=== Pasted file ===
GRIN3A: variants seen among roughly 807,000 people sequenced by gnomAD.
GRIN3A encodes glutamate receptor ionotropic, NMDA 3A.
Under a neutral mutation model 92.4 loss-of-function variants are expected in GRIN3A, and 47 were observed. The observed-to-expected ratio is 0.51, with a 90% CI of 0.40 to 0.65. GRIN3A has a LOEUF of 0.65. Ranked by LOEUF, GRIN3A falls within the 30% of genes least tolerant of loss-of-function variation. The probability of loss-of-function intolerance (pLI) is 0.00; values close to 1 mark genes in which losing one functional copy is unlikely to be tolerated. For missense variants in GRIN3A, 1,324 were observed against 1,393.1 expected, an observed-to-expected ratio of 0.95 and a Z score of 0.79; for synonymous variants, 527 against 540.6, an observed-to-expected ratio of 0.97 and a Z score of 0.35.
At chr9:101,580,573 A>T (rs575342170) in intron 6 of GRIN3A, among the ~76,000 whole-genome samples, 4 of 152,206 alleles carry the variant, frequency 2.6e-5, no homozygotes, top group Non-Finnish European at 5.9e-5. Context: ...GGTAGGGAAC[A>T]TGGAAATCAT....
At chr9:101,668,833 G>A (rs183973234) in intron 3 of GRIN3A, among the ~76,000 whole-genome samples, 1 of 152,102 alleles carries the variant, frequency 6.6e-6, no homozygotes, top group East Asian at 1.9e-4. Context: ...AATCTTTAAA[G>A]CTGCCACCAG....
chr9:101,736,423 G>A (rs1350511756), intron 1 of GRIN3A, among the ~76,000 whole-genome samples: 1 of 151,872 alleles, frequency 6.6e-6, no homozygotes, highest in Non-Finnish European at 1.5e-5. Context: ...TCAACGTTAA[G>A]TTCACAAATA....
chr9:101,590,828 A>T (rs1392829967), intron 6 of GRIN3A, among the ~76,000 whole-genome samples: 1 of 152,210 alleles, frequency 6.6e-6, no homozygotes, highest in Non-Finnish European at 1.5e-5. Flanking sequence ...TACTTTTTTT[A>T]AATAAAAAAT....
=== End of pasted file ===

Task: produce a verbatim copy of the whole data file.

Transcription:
GRIN3A: variants seen among roughly 807,000 people sequenced by gnomAD.
GRIN3A encodes glutamate receptor ionotropic, NMDA 3A.
Under a neutral mutation model 92.4 loss-of-function variants are expected in GRIN3A, and 47 were observed. The observed-to-expected ratio is 0.51, with a 90% CI of 0.40 to 0.65. GRIN3A has a LOEUF of 0.65. Ranked by LOEUF, GRIN3A falls within the 30% of genes least tolerant of loss-of-function variation. The probability of loss-of-function intolerance (pLI) is 0.00; values close to 1 mark genes in which losing one functional copy is unlikely to be tolerated. For missense variants in GRIN3A, 1,324 were observed against 1,393.1 expected, an observed-to-expected ratio of 0.95 and a Z score of 0.79; for synonymous variants, 527 against 540.6, an observed-to-expected ratio of 0.97 and a Z score of 0.35.
At chr9:101,580,573 A>T (rs575342170) in intron 6 of GRIN3A, among the ~76,000 whole-genome samples, 4 of 152,206 alleles carry the variant, frequency 2.6e-5, no homozygotes, top group Non-Finnish European at 5.9e-5. Context: ...GGTAGGGAAC[A>T]TGGAAATCAT....
At chr9:101,668,833 G>A (rs183973234) in intron 3 of GRIN3A, among the ~76,000 whole-genome samples, 1 of 152,102 alleles carries the variant, frequency 6.6e-6, no homozygotes, top group East Asian at 1.9e-4. Context: ...AATCTTTAAA[G>A]CTGCCACCAG....
chr9:101,736,423 G>A (rs1350511756), intron 1 of GRIN3A, among the ~76,000 whole-genome samples: 1 of 151,872 alleles, frequency 6.6e-6, no homozygotes, highest in Non-Finnish European at 1.5e-5. Context: ...TCAACGTTAA[G>A]TTCACAAATA....
chr9:101,590,828 A>T (rs1392829967), intron 6 of GRIN3A, among the ~76,000 whole-genome samples: 1 of 152,210 alleles, frequency 6.6e-6, no homozygotes, highest in Non-Finnish European at 1.5e-5. Flanking sequence ...TACTTTTTTT[A>T]AATAAAAAAT....